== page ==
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NOAA National Environmental Satellite, Data, and Information Service (NESDIS)

News & Articles Archive

SARSAT
On Jan. 3, 2019, a 24-foot pleasure craft with two people onboard capsized and sank approximately five miles southwest of Huntington Beach, Calif. Luckily, an Emergency Position Indicating Radio Beacon (EPIRB) from the boat was detected by a NOAA satellite, which enabled the Coast Guard, together with the Huntington Beach Fire Department, to rescue the two individuals from the water and transport them to shore. The Orange County Sheriff’s Department then brought them to a local hospital for treatment.
As we look ahead to another year on this beautiful and fascinating planet, NOAA’s  Satellite and Information Service would like to take a moment to review 2019 from a satellite’s perspective.
Goes-r
NASA has selected United Launch Services LLC (ULS) of Centennial, Colorado, to provide launch services for the Geostationary Operational Environmental Satellite-T (GOES-T) mission, which will provide advanced imagery and atmospheric measurements of Earth’s weather, oceans and environment, real-time mapping of total lightning activity, and improved monitoring of solar activity and space weather.
Photo of Goes-15
NOAA officials have announced plans to power off the GOES-15 satellite and place it into orbital storage by January 31, 2020.
NOAA satellites tend to see the ‘big picture’ a lot. Looking at Earth from 22,240 miles back (GOES-16’s home in the sky), allows us to see some really big things to be thankful for all the time. So this Thanksgiving we thought we’d take a much closer look at some of the smallest things we appreciate here at NOAA. This Thanksgiving, NOAA’s Satellite and Information Service team wants to thank the little guys.
Wind is a fundamental variable of weather. The heating of Earth’s surface and atmosphere by the sun drives winds that move heat and moisture from one place to another. Variations in large-scale wind circulation patterns are responsible for the daily weather we experience. Indeed, satellite-based wind data are among the most important information contributing to the accuracy of global weather prediction models.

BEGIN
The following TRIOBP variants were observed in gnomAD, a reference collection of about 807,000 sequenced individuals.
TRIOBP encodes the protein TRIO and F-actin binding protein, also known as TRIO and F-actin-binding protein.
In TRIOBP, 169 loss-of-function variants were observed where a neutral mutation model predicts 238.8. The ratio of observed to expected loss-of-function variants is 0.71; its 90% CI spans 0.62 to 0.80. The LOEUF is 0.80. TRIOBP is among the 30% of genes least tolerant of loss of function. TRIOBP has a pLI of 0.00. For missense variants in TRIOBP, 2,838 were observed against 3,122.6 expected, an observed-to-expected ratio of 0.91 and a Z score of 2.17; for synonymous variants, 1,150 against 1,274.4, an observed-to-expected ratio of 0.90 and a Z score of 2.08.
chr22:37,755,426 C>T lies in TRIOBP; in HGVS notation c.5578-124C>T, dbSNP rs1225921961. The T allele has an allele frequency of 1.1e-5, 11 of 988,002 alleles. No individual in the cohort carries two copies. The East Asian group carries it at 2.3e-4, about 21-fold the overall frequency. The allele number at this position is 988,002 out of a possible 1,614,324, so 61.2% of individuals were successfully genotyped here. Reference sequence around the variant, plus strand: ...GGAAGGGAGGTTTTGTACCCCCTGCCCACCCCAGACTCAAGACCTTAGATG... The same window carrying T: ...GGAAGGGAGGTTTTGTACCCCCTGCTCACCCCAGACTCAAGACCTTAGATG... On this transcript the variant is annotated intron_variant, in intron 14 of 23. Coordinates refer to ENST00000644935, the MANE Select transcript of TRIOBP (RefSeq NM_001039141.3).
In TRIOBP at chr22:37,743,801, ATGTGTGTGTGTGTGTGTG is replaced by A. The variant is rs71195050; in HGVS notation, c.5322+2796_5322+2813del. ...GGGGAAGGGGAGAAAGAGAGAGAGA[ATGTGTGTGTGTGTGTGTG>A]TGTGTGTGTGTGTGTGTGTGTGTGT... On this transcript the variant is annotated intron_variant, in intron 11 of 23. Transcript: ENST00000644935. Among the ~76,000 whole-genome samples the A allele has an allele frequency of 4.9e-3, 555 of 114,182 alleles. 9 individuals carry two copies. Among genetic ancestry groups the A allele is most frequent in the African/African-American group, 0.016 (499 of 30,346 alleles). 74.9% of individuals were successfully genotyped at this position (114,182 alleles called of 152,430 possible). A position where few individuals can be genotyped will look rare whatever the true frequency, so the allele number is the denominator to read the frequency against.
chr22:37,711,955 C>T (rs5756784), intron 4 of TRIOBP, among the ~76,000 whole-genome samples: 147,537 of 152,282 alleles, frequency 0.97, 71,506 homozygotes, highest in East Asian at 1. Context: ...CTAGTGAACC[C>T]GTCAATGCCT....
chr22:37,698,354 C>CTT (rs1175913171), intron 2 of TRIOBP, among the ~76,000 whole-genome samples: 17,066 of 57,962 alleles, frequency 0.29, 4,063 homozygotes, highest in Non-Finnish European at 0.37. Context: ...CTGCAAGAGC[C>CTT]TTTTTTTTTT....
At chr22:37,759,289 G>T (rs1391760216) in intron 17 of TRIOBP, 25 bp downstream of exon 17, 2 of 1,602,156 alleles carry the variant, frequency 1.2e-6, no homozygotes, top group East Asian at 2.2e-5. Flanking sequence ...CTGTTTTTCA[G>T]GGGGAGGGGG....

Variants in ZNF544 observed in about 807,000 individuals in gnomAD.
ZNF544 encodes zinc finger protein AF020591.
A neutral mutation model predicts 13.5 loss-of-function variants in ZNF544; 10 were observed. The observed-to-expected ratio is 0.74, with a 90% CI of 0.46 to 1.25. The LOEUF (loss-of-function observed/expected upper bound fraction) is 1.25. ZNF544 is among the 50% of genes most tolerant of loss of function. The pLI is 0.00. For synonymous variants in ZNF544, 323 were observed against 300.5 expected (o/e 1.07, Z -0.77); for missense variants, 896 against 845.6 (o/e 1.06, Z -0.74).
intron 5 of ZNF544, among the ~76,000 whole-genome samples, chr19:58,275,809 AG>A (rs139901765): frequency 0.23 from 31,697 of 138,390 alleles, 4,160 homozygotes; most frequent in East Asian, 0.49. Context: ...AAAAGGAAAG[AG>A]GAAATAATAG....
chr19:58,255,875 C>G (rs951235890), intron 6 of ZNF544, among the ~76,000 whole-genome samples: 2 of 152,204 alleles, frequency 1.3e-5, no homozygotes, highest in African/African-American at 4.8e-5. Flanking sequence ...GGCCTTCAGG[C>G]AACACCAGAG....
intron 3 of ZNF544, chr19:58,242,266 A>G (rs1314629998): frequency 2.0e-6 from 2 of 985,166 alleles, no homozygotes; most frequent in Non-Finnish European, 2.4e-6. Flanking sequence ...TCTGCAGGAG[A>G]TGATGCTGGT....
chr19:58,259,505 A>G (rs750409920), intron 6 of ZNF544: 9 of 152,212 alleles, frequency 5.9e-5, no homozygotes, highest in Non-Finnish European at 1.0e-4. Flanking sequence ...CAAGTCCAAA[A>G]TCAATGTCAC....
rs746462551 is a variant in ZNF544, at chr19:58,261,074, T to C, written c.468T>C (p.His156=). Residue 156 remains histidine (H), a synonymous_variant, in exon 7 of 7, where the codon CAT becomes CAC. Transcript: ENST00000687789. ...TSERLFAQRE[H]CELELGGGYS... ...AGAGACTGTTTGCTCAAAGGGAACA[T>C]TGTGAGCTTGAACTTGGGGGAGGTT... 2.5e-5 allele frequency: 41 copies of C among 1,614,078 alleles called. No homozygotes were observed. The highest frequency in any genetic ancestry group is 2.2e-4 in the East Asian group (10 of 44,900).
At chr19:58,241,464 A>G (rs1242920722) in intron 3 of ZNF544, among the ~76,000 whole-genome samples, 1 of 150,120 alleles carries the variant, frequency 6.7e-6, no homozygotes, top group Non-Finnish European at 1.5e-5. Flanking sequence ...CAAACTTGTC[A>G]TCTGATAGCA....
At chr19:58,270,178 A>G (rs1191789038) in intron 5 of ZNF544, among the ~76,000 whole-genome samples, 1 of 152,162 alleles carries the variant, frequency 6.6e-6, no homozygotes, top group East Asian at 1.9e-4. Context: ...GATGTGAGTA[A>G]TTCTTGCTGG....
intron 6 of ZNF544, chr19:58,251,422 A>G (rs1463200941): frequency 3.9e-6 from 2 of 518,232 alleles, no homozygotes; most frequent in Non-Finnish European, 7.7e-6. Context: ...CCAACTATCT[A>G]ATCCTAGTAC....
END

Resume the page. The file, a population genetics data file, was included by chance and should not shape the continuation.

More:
Winter is just around the corner, and NOAA’s U.S. winter outlook for 2019-20 is out.  For meteorological winter, which extends from December through February, NOAA’s Climate Prediction Center forecasts warmer-than-average temperatures for much of the U.S., with wetter-than-average conditions most likely across the Northern Tier of the U.S.
The Advanced Technology Microwave Sounder (ATMS) for the National Oceanic and Atmospheric Administration’s Joint Polar Satellite System-2 spacecraft, scheduled to launch in 2022, has been fully assembled and has begun environmental testing.
With the advent of the GOES-R Series, forecasters now have an overwhelming amount of information to sift through. The Advanced Baseline Imager (ABI) instrument has 16 channels that image Earth’s weather, oceans and environment as often as every 30 seconds. How can meteorologists quickly discern the information they need to issue timely forecasts and warnings? Scientists are working on new ways to combine information from multiple ABI channels to enhance meteorological features of interest. The result is a variety of red-green-blue or “RGB” composite imagery. The stunning, colorful imagery you see from GOES-16 and GOES-17 isn’t just beautiful to look at, it also provides critical information to forecasters for situational awareness and nowcasting rapidly changing weather.